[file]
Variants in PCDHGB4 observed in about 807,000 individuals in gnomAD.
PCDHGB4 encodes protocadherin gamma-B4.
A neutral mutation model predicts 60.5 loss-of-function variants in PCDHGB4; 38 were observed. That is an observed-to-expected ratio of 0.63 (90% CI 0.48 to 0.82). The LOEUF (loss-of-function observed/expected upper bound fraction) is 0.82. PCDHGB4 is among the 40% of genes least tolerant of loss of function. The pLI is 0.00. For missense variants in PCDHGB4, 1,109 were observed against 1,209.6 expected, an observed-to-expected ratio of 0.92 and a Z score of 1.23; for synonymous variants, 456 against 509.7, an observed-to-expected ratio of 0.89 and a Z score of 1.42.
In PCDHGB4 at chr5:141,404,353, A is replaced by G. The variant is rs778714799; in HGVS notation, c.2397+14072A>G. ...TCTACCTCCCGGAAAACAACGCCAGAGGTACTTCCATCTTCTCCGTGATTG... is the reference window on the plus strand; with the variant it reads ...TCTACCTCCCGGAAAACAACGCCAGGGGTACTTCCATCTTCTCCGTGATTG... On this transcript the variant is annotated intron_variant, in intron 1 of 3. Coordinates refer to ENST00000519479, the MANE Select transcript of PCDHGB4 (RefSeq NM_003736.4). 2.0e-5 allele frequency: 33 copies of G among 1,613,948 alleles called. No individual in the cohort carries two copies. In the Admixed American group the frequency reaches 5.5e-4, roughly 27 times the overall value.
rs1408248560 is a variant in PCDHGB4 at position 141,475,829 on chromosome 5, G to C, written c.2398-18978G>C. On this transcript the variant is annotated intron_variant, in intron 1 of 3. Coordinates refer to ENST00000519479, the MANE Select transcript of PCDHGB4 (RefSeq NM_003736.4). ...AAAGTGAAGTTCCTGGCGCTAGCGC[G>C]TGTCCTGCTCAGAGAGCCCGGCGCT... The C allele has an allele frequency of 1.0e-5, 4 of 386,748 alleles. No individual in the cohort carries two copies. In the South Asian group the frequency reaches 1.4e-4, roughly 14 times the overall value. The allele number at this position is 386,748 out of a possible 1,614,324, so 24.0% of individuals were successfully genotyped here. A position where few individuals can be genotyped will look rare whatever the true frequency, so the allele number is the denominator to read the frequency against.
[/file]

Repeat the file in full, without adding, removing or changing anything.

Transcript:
Variants in PCDHGB4 observed in about 807,000 individuals in gnomAD.
PCDHGB4 encodes protocadherin gamma-B4.
A neutral mutation model predicts 60.5 loss-of-function variants in PCDHGB4; 38 were observed. That is an observed-to-expected ratio of 0.63 (90% CI 0.48 to 0.82). The LOEUF (loss-of-function observed/expected upper bound fraction) is 0.82. PCDHGB4 is among the 40% of genes least tolerant of loss of function. The pLI is 0.00. For missense variants in PCDHGB4, 1,109 were observed against 1,209.6 expected, an observed-to-expected ratio of 0.92 and a Z score of 1.23; for synonymous variants, 456 against 509.7, an observed-to-expected ratio of 0.89 and a Z score of 1.42.
In PCDHGB4 at chr5:141,404,353, A is replaced by G. The variant is rs778714799; in HGVS notation, c.2397+14072A>G. ...TCTACCTCCCGGAAAACAACGCCAGAGGTACTTCCATCTTCTCCGTGATTG... is the reference window on the plus strand; with the variant it reads ...TCTACCTCCCGGAAAACAACGCCAGGGGTACTTCCATCTTCTCCGTGATTG... On this transcript the variant is annotated intron_variant, in intron 1 of 3. Coordinates refer to ENST00000519479, the MANE Select transcript of PCDHGB4 (RefSeq NM_003736.4). 2.0e-5 allele frequency: 33 copies of G among 1,613,948 alleles called. No individual in the cohort carries two copies. In the Admixed American group the frequency reaches 5.5e-4, roughly 27 times the overall value.
rs1408248560 is a variant in PCDHGB4 at position 141,475,829 on chromosome 5, G to C, written c.2398-18978G>C. On this transcript the variant is annotated intron_variant, in intron 1 of 3. Coordinates refer to ENST00000519479, the MANE Select transcript of PCDHGB4 (RefSeq NM_003736.4). ...AAAGTGAAGTTCCTGGCGCTAGCGC[G>C]TGTCCTGCTCAGAGAGCCCGGCGCT... The C allele has an allele frequency of 1.0e-5, 4 of 386,748 alleles. No individual in the cohort carries two copies. In the South Asian group the frequency reaches 1.4e-4, roughly 14 times the overall value. The allele number at this position is 386,748 out of a possible 1,614,324, so 24.0% of individuals were successfully genotyped here. A position where few individuals can be genotyped will look rare whatever the true frequency, so the allele number is the denominator to read the frequency against.